What's suddenly luring Brexit-hit Britons? Estonia's digital citizenship for anyone

The same uncertainty that sent the markets into a spin after the UK's Brexit vote may also be increasing the appeal to Britons of Estonia's e-residency scheme.

Tallinn, Estonia New City

Brexit has spurred a new wave of Britons to consider becoming a digital citizen of Estonia.

Image: iStock

On Tuesday, June 23, British citizens voted to leave the EU, on the basis of 51.9 percent of the referendum vote. Markets panicked and the pound tumbled.

With many Britons applying for Irish passports to hang on to their EU citizenship, the e-residency team in Estonia responded quickly. It created and started promoting the webpage howtostayin.eu, where it had gathered together all the information about Estonian e-residency.

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According to e-residency project head Kaspar Korjus, the webpage was visited by over 8,000 people in the first few days alone. In the first week of July the project received 51 applications from the UK. That one week accounted for about a quarter of all the applications from Britons this year.

"After the Brexit referendum, we certainly have seen a rise in interest from the UK. The applicants have pointed out mainly the softer reasons for it, such as uncertainty regarding the future, the decrease of credibility in the eyes of investors, customers' concerns regarding payments and services," Korjus says.

"According to the statistics, most British companies wanted to stay in the EU, and we're happy to provide support to entrepreneurs in these complicated times."

According to Korjus, the main motivations for applicants are business continuity, and peace of mind deriving from the knowledge that, whatever happens, all EU activities can be continued without moving to another country. Entrepreneurs have also mentioned that the risks with the pound's fluctuations can be lessened by operating in euros.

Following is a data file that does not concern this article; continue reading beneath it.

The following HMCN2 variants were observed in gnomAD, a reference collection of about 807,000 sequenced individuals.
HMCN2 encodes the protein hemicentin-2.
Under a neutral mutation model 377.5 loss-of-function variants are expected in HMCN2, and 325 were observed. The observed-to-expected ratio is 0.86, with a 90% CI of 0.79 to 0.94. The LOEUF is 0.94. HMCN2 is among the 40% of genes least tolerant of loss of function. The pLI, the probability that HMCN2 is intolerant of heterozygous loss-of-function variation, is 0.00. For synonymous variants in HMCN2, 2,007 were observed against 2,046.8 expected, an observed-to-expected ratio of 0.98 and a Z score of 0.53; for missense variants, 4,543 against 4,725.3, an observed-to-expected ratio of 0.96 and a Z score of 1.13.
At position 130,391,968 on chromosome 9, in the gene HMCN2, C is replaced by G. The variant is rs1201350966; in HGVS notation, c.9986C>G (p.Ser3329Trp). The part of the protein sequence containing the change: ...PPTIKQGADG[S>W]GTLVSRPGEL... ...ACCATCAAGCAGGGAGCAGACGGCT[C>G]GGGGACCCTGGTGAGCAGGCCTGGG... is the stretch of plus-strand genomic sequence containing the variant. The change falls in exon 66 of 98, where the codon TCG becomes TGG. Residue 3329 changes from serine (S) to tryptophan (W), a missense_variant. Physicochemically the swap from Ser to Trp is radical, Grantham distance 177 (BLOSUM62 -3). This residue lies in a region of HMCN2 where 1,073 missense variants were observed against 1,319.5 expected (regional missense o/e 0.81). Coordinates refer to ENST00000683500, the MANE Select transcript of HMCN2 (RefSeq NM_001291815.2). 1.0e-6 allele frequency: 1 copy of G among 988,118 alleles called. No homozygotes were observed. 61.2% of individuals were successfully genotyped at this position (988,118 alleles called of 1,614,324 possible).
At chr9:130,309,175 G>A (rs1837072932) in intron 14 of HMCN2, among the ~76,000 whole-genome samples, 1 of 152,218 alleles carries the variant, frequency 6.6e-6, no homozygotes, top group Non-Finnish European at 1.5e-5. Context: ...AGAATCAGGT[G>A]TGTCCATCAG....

"Furthermore, there are some entrepreneurs who want to keep the opportunity to 'passport' new fintech services through Estonia to Europe, meaning that when they have the license for the service in one member state, they don't have to apply for it in other member states," Korjus says.

The concept of Estonian e-residency emerged two years ago as a transnational digital identity, available to anyone in the world interested in administering a location-independent business online.

Applicants for e-residency are fingerprinted and background-checked by the Estonian state. Once approved, the new e-resident is issued an electronic ID card which, in combination with a four-digit pin, can be used for secure digital identification.

E-resident entrepreneurs and freelancers can open and run location-independent businesses online, apply for a bank account and conduct e-banking, get access to international payment service providers, declare taxes, sign all relevant documents and contracts remotely with the same legal status as handwritten ones, and gain easier access to EU markets.

At the same time e-residency does not confer citizenship, tax residency, residence or right of entry to Estonia or to the EU.

In the beginning of August, Estonian e-residency had altogether 12,480 applicants, with 568, or a little less than five percent from the UK.

Korjus believes that the interest will grow in time, especially when the Brexit processes approach their final stages.

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"It all depends on what specific decisions and agreements are made as to the results of the referendum. Today there are still a lot of loose ends. We believe that e-residency will become the main tool for the British to continue their businesses in the EU. It's wise for an international company to keep at least one body in the EU, and Estonian e-residency is the cheapest and most convenient way to do it," he says.

Other countries could potentially gain significantly from Brexit. For example, Ireland, which has already lured many international companies into establishing their European headquarters through lower corporate taxes, will be the only English-speaking member state in the EU after the UK.

However, Korjus believes that Estonia provides many advantages to entrepreneurs and companies that Ireland doesn't.

"Our main advantage is that the entrepreneur can live wherever he wants to when using e-residency as the administration of the company takes place through digital identity, using the ID-card," he says.

"Also, Estonia's tax system is very transparent. Our corporate tax rate is 20 percent and it's only paid when the profit is distributed, so you don't have to pay taxes on reinvested profits."

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